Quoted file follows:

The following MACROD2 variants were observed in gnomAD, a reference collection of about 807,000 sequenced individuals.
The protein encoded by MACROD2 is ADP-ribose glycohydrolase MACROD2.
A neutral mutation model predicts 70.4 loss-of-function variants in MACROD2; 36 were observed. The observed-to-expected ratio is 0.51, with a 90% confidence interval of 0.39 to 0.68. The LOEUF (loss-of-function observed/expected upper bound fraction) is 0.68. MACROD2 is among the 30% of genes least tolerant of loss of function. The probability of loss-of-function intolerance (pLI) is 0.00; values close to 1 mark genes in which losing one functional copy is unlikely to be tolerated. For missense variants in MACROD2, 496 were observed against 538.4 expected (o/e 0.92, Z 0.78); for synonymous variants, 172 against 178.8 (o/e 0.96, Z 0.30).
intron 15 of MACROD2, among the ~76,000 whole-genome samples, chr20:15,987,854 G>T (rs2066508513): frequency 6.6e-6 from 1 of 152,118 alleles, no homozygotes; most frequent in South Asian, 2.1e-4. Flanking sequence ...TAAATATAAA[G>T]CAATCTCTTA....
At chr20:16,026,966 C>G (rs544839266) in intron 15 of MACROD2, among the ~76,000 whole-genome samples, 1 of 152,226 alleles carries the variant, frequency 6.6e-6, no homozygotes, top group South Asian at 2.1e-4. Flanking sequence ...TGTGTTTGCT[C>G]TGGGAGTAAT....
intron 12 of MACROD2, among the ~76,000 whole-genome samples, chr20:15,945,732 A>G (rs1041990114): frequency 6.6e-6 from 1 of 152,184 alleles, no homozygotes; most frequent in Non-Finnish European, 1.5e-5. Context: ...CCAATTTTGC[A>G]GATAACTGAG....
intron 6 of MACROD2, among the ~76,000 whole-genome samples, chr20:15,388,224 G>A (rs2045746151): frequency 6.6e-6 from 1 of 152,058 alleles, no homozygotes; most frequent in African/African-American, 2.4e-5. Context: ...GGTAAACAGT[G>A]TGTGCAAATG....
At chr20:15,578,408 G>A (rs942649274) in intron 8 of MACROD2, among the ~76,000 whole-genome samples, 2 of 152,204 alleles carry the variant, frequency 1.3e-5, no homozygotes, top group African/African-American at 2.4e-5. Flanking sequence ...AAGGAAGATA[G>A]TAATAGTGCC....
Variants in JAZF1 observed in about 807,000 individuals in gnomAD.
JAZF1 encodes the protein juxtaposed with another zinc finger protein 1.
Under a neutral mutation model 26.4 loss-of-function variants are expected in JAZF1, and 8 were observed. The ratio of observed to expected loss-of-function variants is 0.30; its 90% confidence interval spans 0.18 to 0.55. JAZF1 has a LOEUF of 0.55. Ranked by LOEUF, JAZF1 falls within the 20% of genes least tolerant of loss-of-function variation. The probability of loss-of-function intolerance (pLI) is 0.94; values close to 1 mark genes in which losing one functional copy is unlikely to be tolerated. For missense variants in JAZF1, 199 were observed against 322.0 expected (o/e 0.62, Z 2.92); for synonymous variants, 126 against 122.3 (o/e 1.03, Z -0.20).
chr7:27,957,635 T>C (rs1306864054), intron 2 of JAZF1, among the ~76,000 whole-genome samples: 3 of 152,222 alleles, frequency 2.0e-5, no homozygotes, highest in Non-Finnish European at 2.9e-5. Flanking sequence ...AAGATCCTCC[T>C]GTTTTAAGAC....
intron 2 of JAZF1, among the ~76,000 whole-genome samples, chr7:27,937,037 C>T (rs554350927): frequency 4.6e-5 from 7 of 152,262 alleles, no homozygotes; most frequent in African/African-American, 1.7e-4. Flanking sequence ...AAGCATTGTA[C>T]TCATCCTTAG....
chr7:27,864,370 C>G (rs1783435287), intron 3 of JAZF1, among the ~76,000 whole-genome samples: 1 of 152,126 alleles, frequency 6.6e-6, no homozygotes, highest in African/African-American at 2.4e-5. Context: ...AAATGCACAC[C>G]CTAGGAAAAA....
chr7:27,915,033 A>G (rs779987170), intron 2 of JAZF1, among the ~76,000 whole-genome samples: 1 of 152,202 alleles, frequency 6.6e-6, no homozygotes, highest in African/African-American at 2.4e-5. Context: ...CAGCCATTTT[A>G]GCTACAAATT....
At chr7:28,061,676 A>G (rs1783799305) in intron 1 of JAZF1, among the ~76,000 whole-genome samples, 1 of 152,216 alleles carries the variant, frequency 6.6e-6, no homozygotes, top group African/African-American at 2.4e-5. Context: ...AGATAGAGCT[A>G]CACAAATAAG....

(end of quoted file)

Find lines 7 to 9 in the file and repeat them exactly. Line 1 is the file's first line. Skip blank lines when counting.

intron 6 of MACROD2, among the ~76,000 whole-genome samples, chr20:15,388,224 G>A (rs2045746151): frequency 6.6e-6 from 1 of 152,058 alleles, no homozygotes; most frequent in African/African-American, 2.4e-5. Context: ...GGTAAACAGT[G>A]TGTGCAAATG....
At chr20:15,578,408 G>A (rs942649274) in intron 8 of MACROD2, among the ~76,000 whole-genome samples, 2 of 152,204 alleles carry the variant, frequency 1.3e-5, no homozygotes, top group African/African-American at 2.4e-5. Flanking sequence ...AAGGAAGATA[G>A]TAATAGTGCC....
Variants in JAZF1 observed in about 807,000 individuals in gnomAD.